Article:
separable phrasal verb: get across (to)


Today’s phrasal verb is “get across”. It is used when we are trying to explain something to another person or other people, and we want to make them understand what we are talking about.

This phrasal verb is often followed by the preposition “to” if we use an object in the sentence. However, it’s not always necessary to include an object and, if we don’t, then “get across” will be intransitive.  For example:

This is a difficult idea. I hope I can get it across to you.

The teacher was trying to explain the meaning of the word “patient”. I understood it, but I don’t think she was able to get it across to the lower level students.

I tried to make my boss understand my idea for saving money at the company, but I don’t think I was able to get it across to him.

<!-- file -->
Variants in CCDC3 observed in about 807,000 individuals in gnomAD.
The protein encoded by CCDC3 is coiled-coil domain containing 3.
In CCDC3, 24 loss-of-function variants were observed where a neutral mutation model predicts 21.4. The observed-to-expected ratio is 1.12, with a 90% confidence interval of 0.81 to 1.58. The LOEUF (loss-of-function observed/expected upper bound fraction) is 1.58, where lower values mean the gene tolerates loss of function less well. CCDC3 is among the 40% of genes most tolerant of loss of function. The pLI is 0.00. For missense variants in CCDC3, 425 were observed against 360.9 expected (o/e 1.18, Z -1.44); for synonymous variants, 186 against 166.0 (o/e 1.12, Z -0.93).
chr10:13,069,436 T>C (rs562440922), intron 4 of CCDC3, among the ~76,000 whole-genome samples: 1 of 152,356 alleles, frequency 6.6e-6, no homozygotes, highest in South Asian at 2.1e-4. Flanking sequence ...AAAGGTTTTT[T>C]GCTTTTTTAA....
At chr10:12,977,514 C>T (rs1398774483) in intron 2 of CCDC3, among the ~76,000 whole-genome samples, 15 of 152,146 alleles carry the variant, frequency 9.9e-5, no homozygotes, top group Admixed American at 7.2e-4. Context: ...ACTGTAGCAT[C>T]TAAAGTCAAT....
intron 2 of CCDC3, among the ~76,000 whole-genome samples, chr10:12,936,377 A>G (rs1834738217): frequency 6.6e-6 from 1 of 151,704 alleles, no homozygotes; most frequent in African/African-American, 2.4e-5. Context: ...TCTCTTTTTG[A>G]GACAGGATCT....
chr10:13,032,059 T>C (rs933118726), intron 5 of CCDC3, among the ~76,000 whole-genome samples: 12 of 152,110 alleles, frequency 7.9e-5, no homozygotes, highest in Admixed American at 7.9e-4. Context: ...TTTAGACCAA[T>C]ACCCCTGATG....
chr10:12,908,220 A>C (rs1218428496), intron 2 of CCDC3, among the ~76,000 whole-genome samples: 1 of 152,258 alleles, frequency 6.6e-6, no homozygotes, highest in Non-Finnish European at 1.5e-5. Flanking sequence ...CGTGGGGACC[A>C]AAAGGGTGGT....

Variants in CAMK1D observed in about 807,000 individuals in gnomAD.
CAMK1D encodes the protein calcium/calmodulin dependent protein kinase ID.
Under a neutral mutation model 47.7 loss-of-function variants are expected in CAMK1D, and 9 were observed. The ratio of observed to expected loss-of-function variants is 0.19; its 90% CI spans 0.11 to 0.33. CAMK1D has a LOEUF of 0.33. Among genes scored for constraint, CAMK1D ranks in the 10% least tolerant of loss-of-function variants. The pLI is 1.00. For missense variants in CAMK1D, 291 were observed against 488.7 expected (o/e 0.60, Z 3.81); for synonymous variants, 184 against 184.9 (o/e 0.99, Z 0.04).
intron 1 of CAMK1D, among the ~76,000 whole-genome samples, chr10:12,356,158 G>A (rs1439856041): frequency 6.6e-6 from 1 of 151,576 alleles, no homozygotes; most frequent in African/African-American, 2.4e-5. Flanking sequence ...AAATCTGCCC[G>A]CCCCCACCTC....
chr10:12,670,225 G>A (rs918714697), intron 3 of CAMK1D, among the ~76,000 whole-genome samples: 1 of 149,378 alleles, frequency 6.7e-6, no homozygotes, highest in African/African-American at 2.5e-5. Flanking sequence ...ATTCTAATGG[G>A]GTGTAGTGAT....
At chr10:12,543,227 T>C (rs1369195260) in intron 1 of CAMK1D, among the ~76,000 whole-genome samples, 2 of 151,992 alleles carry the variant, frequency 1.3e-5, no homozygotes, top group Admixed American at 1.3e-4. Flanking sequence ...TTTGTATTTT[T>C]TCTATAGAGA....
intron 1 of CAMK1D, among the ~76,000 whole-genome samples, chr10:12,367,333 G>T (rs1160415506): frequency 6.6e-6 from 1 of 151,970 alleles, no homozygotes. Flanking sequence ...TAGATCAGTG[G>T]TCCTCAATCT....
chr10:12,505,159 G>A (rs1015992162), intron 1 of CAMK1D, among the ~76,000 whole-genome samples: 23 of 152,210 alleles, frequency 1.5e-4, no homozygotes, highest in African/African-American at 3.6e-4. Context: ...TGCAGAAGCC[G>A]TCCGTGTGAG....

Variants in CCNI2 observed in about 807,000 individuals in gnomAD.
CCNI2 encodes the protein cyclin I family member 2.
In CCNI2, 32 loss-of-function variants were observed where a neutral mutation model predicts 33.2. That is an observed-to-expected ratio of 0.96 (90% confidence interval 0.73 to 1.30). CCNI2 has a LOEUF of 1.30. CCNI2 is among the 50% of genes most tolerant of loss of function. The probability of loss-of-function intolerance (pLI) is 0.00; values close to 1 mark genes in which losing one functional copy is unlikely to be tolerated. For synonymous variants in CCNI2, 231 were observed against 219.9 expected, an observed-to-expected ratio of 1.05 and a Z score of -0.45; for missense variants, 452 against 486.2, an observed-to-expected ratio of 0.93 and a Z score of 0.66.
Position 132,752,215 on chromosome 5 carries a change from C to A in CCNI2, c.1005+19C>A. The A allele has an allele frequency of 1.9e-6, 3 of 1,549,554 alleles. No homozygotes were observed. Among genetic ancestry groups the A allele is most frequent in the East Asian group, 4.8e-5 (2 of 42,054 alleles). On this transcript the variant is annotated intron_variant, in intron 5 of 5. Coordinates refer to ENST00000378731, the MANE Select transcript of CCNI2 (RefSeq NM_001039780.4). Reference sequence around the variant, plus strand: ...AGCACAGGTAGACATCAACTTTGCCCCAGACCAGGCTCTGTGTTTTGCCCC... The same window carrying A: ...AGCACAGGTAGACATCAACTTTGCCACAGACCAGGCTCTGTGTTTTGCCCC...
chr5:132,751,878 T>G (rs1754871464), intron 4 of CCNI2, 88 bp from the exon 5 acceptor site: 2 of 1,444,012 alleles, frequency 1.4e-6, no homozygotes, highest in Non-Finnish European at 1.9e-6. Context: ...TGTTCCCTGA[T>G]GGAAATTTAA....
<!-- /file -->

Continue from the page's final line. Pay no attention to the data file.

I understand the point you’re trying to make, but I think using some charts and pictures during your presentation will help you to get it across.

A: Do you think everyone understood what my concept for the project was?

B: Yes, I think you were able to get it across very well.

I would say that we usually say “to” when we’re trying to explain something to a specific person. However, when we’re explaining something to a larger group of people, we often drop the “to”.

So, this is the phrasal verb for this week. I hope I was able to get it across!  🙂


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